New Postdoc, PhD and Honours opportunities for 2013

Posted 9 July 2012

Connected Waters Initiative

Support for Postdoctoral, PhD and Honours projects at CWI is now available for 2013.

1. Postdoctoral Opportunities

Vice-Chancellor's Postdoctoral Research Fellowships (deadline 22nd August)

UNSW is advertising for a limited number of Vice-Chancellor's Postdoctoral Research Fellowships in 2013, to be awarded to early career researchers of exceptional calibre wishing to conduct full-time research at UNSW.

Applicants must be external to UNSW and must have been awarded a PhD no earlier than 1 January 2008 or later than 31st December 2011.

For further details see the UNSW Vice-Chancellors Postdoctoral Research Fellowships page
. Please contact a Connected Waters Initiative staff member with your cv if you are interested in applying.

2. PhD Opportunities

PhD International Research Scholarship opportunities (deadline 31st August)

PhD research scholarship opportunities are now available. We are looking for dedicated, well-motivated and enthusiastic students interested in groundwater research, including relevant aspects of climate and paleoclimate, vegetation, and surface water interactions with groundwater.

International students of exceptional quality can apply now for scholarships at the UNSW International Research Candidate Scholarships page.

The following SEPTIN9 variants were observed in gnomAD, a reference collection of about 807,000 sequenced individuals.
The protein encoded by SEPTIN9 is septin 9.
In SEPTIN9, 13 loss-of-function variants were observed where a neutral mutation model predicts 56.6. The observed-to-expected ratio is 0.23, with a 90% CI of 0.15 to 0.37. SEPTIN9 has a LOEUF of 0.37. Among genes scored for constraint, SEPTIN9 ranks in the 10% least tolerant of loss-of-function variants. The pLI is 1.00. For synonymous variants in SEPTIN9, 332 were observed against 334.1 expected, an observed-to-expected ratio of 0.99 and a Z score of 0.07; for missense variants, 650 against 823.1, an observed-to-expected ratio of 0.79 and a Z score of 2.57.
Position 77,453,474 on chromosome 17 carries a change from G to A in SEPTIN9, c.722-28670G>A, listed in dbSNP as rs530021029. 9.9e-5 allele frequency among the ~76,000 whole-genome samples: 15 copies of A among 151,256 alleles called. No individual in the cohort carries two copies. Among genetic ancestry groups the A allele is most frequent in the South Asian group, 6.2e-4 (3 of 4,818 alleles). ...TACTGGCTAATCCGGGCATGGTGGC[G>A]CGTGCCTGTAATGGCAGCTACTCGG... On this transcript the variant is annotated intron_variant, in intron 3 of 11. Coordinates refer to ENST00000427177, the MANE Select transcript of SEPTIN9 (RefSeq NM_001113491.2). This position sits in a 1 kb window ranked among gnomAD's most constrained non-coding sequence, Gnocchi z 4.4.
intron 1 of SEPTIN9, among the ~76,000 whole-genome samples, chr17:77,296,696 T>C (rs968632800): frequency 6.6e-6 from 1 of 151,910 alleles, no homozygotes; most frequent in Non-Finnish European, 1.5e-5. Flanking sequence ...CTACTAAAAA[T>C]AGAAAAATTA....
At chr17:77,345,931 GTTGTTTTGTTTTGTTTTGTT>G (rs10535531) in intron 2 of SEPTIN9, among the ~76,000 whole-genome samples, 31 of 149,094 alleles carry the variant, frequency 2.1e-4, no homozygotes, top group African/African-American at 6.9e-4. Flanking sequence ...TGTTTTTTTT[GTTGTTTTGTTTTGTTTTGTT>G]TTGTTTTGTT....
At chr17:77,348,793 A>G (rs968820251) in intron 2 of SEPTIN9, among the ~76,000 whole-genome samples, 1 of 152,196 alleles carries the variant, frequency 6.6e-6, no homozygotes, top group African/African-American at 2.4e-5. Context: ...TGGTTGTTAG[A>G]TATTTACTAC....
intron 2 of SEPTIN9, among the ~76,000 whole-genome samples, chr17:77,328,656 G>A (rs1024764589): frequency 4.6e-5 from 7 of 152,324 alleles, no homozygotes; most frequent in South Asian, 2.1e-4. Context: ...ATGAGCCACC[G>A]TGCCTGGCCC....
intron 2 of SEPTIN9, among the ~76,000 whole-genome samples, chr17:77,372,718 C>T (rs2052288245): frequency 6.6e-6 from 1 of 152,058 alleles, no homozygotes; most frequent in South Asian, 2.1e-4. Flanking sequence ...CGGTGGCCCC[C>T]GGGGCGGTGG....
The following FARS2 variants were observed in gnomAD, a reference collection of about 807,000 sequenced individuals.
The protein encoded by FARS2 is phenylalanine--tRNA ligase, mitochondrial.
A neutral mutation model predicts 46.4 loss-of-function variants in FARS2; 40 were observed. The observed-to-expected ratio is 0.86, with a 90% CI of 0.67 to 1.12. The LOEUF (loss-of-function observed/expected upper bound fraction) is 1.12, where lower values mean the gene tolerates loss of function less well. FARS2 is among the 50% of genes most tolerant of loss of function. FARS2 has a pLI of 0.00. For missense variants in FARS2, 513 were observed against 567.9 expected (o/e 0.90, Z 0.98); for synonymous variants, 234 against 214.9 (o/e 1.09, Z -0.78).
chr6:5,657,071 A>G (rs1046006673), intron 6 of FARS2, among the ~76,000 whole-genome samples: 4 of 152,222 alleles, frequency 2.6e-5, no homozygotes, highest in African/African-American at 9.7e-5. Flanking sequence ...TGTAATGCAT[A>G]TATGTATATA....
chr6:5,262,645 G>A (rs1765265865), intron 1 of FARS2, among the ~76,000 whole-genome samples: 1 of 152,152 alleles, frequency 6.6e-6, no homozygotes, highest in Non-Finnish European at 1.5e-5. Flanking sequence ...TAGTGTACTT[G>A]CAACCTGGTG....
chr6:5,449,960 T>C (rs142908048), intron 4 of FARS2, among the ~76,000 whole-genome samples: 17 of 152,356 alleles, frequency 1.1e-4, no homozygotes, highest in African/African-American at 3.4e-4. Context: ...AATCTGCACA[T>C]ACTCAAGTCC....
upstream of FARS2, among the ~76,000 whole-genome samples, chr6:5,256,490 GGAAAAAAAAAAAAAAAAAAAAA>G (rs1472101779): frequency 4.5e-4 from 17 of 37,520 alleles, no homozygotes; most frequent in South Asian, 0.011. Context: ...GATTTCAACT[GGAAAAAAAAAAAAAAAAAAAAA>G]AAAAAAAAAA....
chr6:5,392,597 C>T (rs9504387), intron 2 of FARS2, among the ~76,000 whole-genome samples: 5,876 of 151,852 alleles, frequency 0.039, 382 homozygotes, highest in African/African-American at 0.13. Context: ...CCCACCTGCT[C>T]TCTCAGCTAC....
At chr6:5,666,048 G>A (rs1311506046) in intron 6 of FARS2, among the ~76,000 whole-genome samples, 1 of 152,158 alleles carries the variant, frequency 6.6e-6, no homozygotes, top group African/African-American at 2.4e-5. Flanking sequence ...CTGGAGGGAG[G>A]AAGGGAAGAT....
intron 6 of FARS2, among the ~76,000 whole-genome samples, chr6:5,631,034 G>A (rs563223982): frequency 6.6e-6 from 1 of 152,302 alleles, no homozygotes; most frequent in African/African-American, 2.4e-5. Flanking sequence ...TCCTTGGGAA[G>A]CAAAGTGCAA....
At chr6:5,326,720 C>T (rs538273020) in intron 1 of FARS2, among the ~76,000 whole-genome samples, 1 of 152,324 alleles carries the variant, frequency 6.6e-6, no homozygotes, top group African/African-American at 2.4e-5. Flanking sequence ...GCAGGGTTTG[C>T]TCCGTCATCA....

Closing date is 31st August 2012 for a PhD start date in early-2013.

Successful PhD applicants must hold a 4-year Bachelor's degree with Honours class 1, or their equivalent, and must demonstrate relevant additional research experience or prizes for academic excellence. Research publications in international journals are essential. All successful applications would be eligible for an additional NCGRT scholarship.

International applicants must demonstrate their eligibility for scholarships: for more details
download the guidelines.

For further information on the PhD projects and the scholarships available, please contact your preferred PhD supervisor within the CWI, attaching your cv and evidence of eligibility.

3. Honours student opportunities

There are two opportunities for Honours Scholarships within the Connected Waters Initiative.

NCGRT Scholarships (no deadline)
NCGRT scholarships of up to $5,000 are available for UNSW 4th year Honours students to undertake research that is related to groundwater. Honours scholarships require enrolment in specific groundwater courses, and are awarded on a competitive basis. The number of scholarships awarded will be limited. For further details please contact the CWI staff member in your School.

Science Honours Relocation Scholarship (deadline 15th November)
This is a new scheme designed to provide opportunities for high-performing students to study their Honours year in the Faculty of Science at the University of New South Wales.

This scholarship, valued at $5,000, goes to cover the costs of relocation of non UNSW students.

For further details see the Faculty of Science Honours Relocation Scholarships page
and students should contact potential Science supervisors Bryce Kelly or Andy Baker.